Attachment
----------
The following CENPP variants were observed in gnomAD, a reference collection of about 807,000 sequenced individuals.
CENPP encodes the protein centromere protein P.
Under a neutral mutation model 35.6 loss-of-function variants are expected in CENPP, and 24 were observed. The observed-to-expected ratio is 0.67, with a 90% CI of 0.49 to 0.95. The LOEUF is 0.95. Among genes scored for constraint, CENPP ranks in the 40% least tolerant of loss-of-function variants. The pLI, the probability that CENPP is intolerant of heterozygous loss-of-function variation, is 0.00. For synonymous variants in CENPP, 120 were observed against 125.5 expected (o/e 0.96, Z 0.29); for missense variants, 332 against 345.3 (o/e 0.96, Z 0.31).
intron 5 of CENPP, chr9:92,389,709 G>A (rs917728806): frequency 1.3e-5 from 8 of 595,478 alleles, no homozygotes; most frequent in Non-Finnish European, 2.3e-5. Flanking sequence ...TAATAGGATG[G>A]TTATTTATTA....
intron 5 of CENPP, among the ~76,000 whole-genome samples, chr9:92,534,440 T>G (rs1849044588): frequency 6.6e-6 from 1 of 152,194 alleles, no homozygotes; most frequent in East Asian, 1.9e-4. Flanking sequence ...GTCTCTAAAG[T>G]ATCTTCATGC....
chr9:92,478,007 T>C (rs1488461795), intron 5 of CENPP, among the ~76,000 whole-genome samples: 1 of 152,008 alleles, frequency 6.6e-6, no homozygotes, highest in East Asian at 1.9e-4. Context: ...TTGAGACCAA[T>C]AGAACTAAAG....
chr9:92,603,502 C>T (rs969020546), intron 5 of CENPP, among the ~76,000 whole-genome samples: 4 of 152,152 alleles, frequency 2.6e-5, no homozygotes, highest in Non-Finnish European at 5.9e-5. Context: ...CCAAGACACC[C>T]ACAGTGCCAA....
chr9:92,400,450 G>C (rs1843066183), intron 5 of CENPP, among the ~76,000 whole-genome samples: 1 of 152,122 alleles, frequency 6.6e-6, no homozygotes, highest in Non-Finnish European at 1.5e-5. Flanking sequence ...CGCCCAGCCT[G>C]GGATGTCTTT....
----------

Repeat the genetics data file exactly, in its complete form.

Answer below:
The following CENPP variants were observed in gnomAD, a reference collection of about 807,000 sequenced individuals.
CENPP encodes the protein centromere protein P.
Under a neutral mutation model 35.6 loss-of-function variants are expected in CENPP, and 24 were observed. The observed-to-expected ratio is 0.67, with a 90% CI of 0.49 to 0.95. The LOEUF is 0.95. Among genes scored for constraint, CENPP ranks in the 40% least tolerant of loss-of-function variants. The pLI, the probability that CENPP is intolerant of heterozygous loss-of-function variation, is 0.00. For synonymous variants in CENPP, 120 were observed against 125.5 expected (o/e 0.96, Z 0.29); for missense variants, 332 against 345.3 (o/e 0.96, Z 0.31).
intron 5 of CENPP, chr9:92,389,709 G>A (rs917728806): frequency 1.3e-5 from 8 of 595,478 alleles, no homozygotes; most frequent in Non-Finnish European, 2.3e-5. Flanking sequence ...TAATAGGATG[G>A]TTATTTATTA....
intron 5 of CENPP, among the ~76,000 whole-genome samples, chr9:92,534,440 T>G (rs1849044588): frequency 6.6e-6 from 1 of 152,194 alleles, no homozygotes; most frequent in East Asian, 1.9e-4. Flanking sequence ...GTCTCTAAAG[T>G]ATCTTCATGC....
chr9:92,478,007 T>C (rs1488461795), intron 5 of CENPP, among the ~76,000 whole-genome samples: 1 of 152,008 alleles, frequency 6.6e-6, no homozygotes, highest in East Asian at 1.9e-4. Context: ...TTGAGACCAA[T>C]AGAACTAAAG....
chr9:92,603,502 C>T (rs969020546), intron 5 of CENPP, among the ~76,000 whole-genome samples: 4 of 152,152 alleles, frequency 2.6e-5, no homozygotes, highest in Non-Finnish European at 5.9e-5. Context: ...CCAAGACACC[C>T]ACAGTGCCAA....
chr9:92,400,450 G>C (rs1843066183), intron 5 of CENPP, among the ~76,000 whole-genome samples: 1 of 152,122 alleles, frequency 6.6e-6, no homozygotes, highest in Non-Finnish European at 1.5e-5. Flanking sequence ...CGCCCAGCCT[G>C]GGATGTCTTT....